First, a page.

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IdentifierCreatedClassificationOrigin
06PARIS7486 2006-11-21 15:10:00 CONFIDENTIAL Embassy Paris
Cable title:  

TRANSNISTRIA: GOF AGREES IN SUBSTANCE ON PCE, BUT

Tags:   OSCE EUN PREL MD RS UP FR 
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					  C O N F I D E N T I A L SECTION 01 OF 02 PARIS 007486 

SIPDIS

SIPDIS

E.O. 12958: DECL: 11/21/2016
TAGS: OSCE EUN PREL MD RS UP FR
SUBJECT: TRANSNISTRIA: GOF AGREES IN SUBSTANCE ON PCE, BUT
DOUBTS RUSSIAN ACQUIESCENCE

REF: A. STATE 187131


B. PARIS 7266

C. STATE 181103

PARIS 00007486 001.2 OF 002


Classified By: Political Minister Counselor Josiah Rosenblatt for Reaso
ns 1.4 (b) and (d)



1. (C) Summary: Aurelia Bouchez, DAS-equivalent for Russia,
Central Asia, and the Caucasus, explained on November 17 that
France did not disagree in substance about the need for a
multilateral peacekeeping mission in Transnistria, but was
doubtful that the Russians would easily be convinced. She
thought Russia might be more amenable to the idea if it was
presented to them in the framework of EU-Russia security
cooperation or by arguing that an OSCE mission would
legitimize Russian military presence in the area. Given the
current negative climate (Russian actions in Georgia, unclear
Ukrainian position, etc), however, she was not optimistic.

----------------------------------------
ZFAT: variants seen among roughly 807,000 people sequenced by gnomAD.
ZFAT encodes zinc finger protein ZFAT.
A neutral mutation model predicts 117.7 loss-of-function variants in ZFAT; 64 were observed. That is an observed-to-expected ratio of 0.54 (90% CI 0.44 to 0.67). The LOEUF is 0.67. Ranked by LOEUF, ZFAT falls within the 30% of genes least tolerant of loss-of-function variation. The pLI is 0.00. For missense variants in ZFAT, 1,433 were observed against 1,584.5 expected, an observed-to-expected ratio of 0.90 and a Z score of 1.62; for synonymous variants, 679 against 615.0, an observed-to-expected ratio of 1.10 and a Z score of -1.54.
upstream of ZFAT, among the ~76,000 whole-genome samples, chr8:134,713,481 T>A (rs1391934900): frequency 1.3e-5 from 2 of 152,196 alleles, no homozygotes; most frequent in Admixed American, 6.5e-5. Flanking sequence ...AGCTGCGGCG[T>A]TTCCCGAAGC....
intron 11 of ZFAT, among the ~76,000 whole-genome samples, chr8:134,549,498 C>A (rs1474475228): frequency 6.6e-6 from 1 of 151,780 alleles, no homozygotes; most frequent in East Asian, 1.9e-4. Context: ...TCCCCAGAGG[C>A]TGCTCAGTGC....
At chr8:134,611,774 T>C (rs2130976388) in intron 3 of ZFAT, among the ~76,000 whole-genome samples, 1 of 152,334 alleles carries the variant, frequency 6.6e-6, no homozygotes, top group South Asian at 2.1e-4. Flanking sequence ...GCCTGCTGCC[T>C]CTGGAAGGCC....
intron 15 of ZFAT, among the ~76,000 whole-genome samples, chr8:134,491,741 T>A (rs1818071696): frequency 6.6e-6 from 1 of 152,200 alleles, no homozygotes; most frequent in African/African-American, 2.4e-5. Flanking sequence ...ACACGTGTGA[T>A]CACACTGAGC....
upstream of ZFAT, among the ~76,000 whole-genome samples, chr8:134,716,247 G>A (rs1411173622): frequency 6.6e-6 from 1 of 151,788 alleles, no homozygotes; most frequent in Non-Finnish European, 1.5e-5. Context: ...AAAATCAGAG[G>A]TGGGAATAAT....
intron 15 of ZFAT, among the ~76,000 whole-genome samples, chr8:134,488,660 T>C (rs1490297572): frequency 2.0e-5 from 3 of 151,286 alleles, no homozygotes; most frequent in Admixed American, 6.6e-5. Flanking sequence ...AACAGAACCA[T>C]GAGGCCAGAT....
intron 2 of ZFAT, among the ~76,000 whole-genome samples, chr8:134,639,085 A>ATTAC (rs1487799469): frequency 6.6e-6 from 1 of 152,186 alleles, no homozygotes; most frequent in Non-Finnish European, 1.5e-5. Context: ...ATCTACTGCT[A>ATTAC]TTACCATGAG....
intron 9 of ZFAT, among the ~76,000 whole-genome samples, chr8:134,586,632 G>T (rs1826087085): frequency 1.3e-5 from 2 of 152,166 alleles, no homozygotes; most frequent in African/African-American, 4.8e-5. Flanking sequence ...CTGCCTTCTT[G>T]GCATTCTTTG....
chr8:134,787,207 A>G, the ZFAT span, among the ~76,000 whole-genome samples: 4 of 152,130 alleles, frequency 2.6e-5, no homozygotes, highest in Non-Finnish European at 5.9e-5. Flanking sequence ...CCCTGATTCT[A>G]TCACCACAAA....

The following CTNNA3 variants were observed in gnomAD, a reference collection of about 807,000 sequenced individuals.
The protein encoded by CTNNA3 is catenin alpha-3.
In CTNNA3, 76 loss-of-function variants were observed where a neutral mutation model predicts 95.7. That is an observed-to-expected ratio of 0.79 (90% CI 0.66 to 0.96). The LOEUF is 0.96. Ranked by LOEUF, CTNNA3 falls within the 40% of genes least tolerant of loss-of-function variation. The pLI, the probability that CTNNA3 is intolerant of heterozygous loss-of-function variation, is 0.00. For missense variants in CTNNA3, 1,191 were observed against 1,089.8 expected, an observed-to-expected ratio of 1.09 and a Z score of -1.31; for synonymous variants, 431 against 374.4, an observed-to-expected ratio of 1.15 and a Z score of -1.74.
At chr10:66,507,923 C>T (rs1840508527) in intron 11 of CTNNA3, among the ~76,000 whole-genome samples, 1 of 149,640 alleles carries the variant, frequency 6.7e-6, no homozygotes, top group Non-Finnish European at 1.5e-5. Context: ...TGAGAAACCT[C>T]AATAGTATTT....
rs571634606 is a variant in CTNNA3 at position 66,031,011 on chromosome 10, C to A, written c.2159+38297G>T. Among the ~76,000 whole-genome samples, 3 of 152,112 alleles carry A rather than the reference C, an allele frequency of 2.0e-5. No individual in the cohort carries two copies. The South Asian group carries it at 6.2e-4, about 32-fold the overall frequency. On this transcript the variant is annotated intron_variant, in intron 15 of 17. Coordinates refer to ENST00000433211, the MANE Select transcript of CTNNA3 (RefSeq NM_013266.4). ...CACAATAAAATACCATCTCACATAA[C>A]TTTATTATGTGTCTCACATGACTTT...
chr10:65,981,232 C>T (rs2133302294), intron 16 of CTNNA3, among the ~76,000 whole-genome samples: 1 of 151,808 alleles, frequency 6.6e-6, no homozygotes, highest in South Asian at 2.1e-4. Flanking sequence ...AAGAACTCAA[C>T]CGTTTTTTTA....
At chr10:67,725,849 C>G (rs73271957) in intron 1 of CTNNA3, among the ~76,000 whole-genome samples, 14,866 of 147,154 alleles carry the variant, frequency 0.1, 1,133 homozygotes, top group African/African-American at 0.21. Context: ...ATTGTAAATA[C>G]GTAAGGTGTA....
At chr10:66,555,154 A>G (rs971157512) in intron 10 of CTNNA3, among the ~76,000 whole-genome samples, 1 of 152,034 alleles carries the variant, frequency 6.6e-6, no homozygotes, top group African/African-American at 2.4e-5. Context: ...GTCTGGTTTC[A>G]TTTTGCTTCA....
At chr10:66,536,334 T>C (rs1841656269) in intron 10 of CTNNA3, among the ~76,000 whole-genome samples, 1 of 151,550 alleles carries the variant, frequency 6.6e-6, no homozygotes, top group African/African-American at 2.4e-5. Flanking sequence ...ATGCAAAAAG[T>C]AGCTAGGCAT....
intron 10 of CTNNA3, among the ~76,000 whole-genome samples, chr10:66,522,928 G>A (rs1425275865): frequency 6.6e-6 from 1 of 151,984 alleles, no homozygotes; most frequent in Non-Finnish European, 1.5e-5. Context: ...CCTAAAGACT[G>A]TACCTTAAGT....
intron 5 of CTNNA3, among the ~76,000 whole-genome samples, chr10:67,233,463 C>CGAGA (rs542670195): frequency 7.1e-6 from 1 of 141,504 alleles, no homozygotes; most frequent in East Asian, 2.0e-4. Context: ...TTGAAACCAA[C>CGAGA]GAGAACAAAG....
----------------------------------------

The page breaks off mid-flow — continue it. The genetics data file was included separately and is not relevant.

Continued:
Bouchez suggested we also take into account developing
discussions between Presidents Putin and Voronin, and the
potential impact of Romania's EU accession. She cautioned
that unless other EU countries, besides Poland and the Baltic
states, were willing to contribute significantly to a PKF,
the discussion was futile. End Summary.



2. (C) In follow-up to ref B discussions, we delivered reftel
A talking points November 17 to Aurelia Bouchez,
DAS-equivalent for Russia, Central Asia, and the Caucusus.
Bouchez was grateful for Washington's response and said she
would be eager to discuss the U.S. position with her German
and British counterparts. She sdked if the subject had been
broached bilaterally with Moscow; if similar points were
being shared in other EU capitals; and if the U.S. intended
to take up the issue at the December 4-5 OSCE ministerial.
We explained that, for the moment, the information was being
shared on an if-asked basis, and that the our intention was
to begin discussion of the issue with interested European
partners.

POSSIBLE ARGUMENTS


--------------------------





3. (C) Bouchez said that the GOF did not disagree in
substance with the U.S. position, but quickly added that it
would be extremely difficult to convince the Russians.
Moreover, even discussing an international force could induce
them to take a harder line. She suggested that the U.S. and
interested European partners, like France, present the idea
in terms of EU-Russia security cooperation (the third space
of the EU/Russia common space agreements). Russia, she said,
had put a great deal of pressure on the EU to expand security
cooperation and this could be pitched as a first step of such